WASHINGTON – U.S. consumers increased their spending slightly last month as their income grew at the fastest pace in six months. The figures point to only modest economic growth in the July-September quarter.
Consumers spending on goods and services rose 0.3 percent in August, the Commerce Department said Friday. Thats up from a 0.2 percent gain in July, which was slightly more than the 0.1 percent reported last month.
Income rose 0.4 percent in August, the best gain since February and up from a 0.2 percent July increase. Private wages and salaries rose 0.5 percent, while the government wages and salaries rose 0.2 percent.
The government figures would have been higher if not for forced federal furloughs that reduced wages and salaries by $7.3 billion.
Consumer spending drives 70 percent of economic activity. Many analysts say the increases are not enough to accelerate economic growth in the third quarter from the 2.5 percent annual rate in the April-June quarter.
With more money coming in, consumers spent a little, just a little, more freely, said Jennifer Lee, senior economist at BMO Capital Markets.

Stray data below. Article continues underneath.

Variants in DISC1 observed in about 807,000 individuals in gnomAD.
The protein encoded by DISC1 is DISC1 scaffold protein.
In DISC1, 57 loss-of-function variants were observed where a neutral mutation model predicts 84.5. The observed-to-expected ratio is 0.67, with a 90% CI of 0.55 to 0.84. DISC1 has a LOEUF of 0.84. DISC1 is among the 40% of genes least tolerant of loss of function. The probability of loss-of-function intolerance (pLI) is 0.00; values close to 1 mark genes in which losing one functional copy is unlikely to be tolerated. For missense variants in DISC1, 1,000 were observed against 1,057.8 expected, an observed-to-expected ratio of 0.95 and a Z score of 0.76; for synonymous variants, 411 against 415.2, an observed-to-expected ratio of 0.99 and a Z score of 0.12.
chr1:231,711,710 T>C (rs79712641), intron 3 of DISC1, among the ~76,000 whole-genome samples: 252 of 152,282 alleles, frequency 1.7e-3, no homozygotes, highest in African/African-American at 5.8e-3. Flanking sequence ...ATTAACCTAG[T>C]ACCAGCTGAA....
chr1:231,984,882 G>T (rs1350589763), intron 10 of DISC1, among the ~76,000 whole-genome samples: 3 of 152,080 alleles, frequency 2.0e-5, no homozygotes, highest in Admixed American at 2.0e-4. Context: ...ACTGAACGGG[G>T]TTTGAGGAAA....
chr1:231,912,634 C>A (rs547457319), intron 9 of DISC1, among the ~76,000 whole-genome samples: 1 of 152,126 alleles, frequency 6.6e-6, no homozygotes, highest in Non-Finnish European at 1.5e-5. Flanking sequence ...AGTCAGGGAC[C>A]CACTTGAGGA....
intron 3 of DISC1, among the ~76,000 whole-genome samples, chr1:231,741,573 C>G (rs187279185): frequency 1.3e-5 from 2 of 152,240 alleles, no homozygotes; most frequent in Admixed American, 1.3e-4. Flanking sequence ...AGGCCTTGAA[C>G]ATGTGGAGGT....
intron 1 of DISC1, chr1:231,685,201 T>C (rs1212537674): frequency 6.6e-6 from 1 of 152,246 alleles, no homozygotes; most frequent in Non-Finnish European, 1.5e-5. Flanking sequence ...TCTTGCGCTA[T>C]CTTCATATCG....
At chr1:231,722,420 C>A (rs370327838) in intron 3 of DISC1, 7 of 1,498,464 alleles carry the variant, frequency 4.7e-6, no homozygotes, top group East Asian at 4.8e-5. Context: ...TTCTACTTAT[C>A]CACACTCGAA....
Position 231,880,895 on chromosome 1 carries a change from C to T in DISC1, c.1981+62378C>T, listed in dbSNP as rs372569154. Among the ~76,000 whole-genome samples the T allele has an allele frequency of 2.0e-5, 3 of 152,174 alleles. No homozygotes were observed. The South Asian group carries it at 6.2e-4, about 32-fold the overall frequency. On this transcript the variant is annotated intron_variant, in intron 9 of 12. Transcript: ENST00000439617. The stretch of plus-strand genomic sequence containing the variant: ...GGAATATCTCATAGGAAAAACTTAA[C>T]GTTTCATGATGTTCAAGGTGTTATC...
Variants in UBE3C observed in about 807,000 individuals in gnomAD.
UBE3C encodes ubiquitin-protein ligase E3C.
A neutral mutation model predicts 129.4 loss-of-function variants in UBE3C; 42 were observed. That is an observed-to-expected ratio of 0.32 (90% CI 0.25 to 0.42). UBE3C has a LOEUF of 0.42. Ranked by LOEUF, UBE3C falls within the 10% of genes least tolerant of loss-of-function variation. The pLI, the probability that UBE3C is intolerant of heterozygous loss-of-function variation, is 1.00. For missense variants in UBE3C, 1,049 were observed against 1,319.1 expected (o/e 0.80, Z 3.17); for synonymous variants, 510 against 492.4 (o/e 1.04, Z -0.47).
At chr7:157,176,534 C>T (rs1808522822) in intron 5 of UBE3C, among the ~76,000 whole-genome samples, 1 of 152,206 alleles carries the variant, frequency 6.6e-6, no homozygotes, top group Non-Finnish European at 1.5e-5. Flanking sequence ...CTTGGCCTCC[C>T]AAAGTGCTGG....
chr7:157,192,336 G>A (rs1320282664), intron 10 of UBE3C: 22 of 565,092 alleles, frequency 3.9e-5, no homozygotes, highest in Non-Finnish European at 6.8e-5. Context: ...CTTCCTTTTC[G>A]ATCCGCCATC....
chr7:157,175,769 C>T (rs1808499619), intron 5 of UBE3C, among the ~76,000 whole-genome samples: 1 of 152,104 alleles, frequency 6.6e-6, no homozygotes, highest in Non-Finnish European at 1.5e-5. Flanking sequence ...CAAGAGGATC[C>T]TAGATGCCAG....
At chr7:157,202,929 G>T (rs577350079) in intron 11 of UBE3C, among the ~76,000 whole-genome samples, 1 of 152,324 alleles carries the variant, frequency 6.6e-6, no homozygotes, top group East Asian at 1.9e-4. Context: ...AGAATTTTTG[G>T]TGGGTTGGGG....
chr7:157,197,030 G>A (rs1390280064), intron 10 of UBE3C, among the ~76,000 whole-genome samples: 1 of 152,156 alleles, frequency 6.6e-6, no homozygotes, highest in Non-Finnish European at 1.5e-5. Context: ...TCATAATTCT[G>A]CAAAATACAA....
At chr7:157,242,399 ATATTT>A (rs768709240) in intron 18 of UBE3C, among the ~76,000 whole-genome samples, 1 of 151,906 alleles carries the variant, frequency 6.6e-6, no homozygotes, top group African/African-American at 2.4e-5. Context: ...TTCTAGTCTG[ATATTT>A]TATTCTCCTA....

And Americans grew more pessimistic this month about the economy, their own finances, and government budget policies, according to a survey of consumer confidence released Friday.
The University of Michigan says its final reading of consumer sentiment dropped to 77.5 in September from 82.1 in August. It was the second straight decline after confidence reached a six-year high of 85.1 in July.
Paul Ashworth, chief U.S. economist at Capital Economics, predicts the economy is growing at an annual rate of 2 percent to 2.5 percent in the July-September quarter.
Still, the pickup in August spending could signal stronger growth in the final three months of the year.
But other economists are less hopeful. Peter Newland, an economist at Barclays, said that the modest increase did not change Barclays forecast for growth at a 1.7 percent rate.
Americans saved some of the extra money they earned last month. The personal savings rate edged up to 4.6 percent of after-tax income, a slight improvement from 4.5 percent in July.